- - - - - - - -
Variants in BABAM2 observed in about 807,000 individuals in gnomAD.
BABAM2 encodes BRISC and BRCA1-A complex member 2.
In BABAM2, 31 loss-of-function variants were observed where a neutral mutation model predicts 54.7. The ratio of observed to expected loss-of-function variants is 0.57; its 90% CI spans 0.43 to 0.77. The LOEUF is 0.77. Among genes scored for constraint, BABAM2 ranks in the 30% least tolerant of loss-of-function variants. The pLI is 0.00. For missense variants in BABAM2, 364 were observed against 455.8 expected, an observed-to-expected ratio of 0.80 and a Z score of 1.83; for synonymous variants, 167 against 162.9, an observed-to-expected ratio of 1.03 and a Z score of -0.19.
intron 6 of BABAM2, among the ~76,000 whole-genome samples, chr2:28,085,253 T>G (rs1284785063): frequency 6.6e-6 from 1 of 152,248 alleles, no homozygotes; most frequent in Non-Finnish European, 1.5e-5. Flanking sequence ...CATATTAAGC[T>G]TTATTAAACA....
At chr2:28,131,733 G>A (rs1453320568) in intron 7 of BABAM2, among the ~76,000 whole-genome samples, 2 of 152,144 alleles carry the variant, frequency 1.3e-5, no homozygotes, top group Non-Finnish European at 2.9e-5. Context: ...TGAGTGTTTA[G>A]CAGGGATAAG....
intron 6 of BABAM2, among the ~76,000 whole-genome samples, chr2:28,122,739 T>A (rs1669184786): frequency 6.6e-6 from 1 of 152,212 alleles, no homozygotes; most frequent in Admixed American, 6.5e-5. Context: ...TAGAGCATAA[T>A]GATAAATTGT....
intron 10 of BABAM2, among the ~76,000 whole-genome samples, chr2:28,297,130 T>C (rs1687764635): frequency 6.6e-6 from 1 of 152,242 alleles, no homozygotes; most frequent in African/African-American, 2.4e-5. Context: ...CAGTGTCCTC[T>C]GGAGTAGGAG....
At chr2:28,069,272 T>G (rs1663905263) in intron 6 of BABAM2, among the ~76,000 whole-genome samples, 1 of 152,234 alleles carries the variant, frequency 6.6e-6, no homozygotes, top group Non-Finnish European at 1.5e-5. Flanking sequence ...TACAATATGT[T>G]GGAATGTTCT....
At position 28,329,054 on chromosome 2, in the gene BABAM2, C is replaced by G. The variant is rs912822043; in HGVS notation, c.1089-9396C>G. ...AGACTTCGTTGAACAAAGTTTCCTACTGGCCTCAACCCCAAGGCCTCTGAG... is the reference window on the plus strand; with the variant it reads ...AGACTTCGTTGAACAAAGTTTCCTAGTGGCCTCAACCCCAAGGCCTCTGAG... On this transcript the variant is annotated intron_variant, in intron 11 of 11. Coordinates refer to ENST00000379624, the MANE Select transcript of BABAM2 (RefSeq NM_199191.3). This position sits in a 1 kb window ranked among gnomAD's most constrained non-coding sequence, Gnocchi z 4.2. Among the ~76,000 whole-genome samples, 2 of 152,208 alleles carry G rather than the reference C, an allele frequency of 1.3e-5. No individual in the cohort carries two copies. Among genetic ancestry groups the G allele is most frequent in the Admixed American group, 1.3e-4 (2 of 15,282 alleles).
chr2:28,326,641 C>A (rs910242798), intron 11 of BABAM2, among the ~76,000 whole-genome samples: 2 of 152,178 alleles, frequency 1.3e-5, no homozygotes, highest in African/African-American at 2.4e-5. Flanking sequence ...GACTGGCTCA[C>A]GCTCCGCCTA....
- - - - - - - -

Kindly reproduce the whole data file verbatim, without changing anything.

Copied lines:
Variants in BABAM2 observed in about 807,000 individuals in gnomAD.
BABAM2 encodes BRISC and BRCA1-A complex member 2.
In BABAM2, 31 loss-of-function variants were observed where a neutral mutation model predicts 54.7. The ratio of observed to expected loss-of-function variants is 0.57; its 90% CI spans 0.43 to 0.77. The LOEUF is 0.77. Among genes scored for constraint, BABAM2 ranks in the 30% least tolerant of loss-of-function variants. The pLI is 0.00. For missense variants in BABAM2, 364 were observed against 455.8 expected, an observed-to-expected ratio of 0.80 and a Z score of 1.83; for synonymous variants, 167 against 162.9, an observed-to-expected ratio of 1.03 and a Z score of -0.19.
intron 6 of BABAM2, among the ~76,000 whole-genome samples, chr2:28,085,253 T>G (rs1284785063): frequency 6.6e-6 from 1 of 152,248 alleles, no homozygotes; most frequent in Non-Finnish European, 1.5e-5. Flanking sequence ...CATATTAAGC[T>G]TTATTAAACA....
At chr2:28,131,733 G>A (rs1453320568) in intron 7 of BABAM2, among the ~76,000 whole-genome samples, 2 of 152,144 alleles carry the variant, frequency 1.3e-5, no homozygotes, top group Non-Finnish European at 2.9e-5. Context: ...TGAGTGTTTA[G>A]CAGGGATAAG....
intron 6 of BABAM2, among the ~76,000 whole-genome samples, chr2:28,122,739 T>A (rs1669184786): frequency 6.6e-6 from 1 of 152,212 alleles, no homozygotes; most frequent in Admixed American, 6.5e-5. Context: ...TAGAGCATAA[T>A]GATAAATTGT....
intron 10 of BABAM2, among the ~76,000 whole-genome samples, chr2:28,297,130 T>C (rs1687764635): frequency 6.6e-6 from 1 of 152,242 alleles, no homozygotes; most frequent in African/African-American, 2.4e-5. Context: ...CAGTGTCCTC[T>C]GGAGTAGGAG....
At chr2:28,069,272 T>G (rs1663905263) in intron 6 of BABAM2, among the ~76,000 whole-genome samples, 1 of 152,234 alleles carries the variant, frequency 6.6e-6, no homozygotes, top group Non-Finnish European at 1.5e-5. Flanking sequence ...TACAATATGT[T>G]GGAATGTTCT....
At position 28,329,054 on chromosome 2, in the gene BABAM2, C is replaced by G. The variant is rs912822043; in HGVS notation, c.1089-9396C>G. ...AGACTTCGTTGAACAAAGTTTCCTACTGGCCTCAACCCCAAGGCCTCTGAG... is the reference window on the plus strand; with the variant it reads ...AGACTTCGTTGAACAAAGTTTCCTAGTGGCCTCAACCCCAAGGCCTCTGAG... On this transcript the variant is annotated intron_variant, in intron 11 of 11. Coordinates refer to ENST00000379624, the MANE Select transcript of BABAM2 (RefSeq NM_199191.3). This position sits in a 1 kb window ranked among gnomAD's most constrained non-coding sequence, Gnocchi z 4.2. Among the ~76,000 whole-genome samples, 2 of 152,208 alleles carry G rather than the reference C, an allele frequency of 1.3e-5. No individual in the cohort carries two copies. Among genetic ancestry groups the G allele is most frequent in the Admixed American group, 1.3e-4 (2 of 15,282 alleles).
chr2:28,326,641 C>A (rs910242798), intron 11 of BABAM2, among the ~76,000 whole-genome samples: 2 of 152,178 alleles, frequency 1.3e-5, no homozygotes, highest in African/African-American at 2.4e-5. Flanking sequence ...GACTGGCTCA[C>A]GCTCCGCCTA....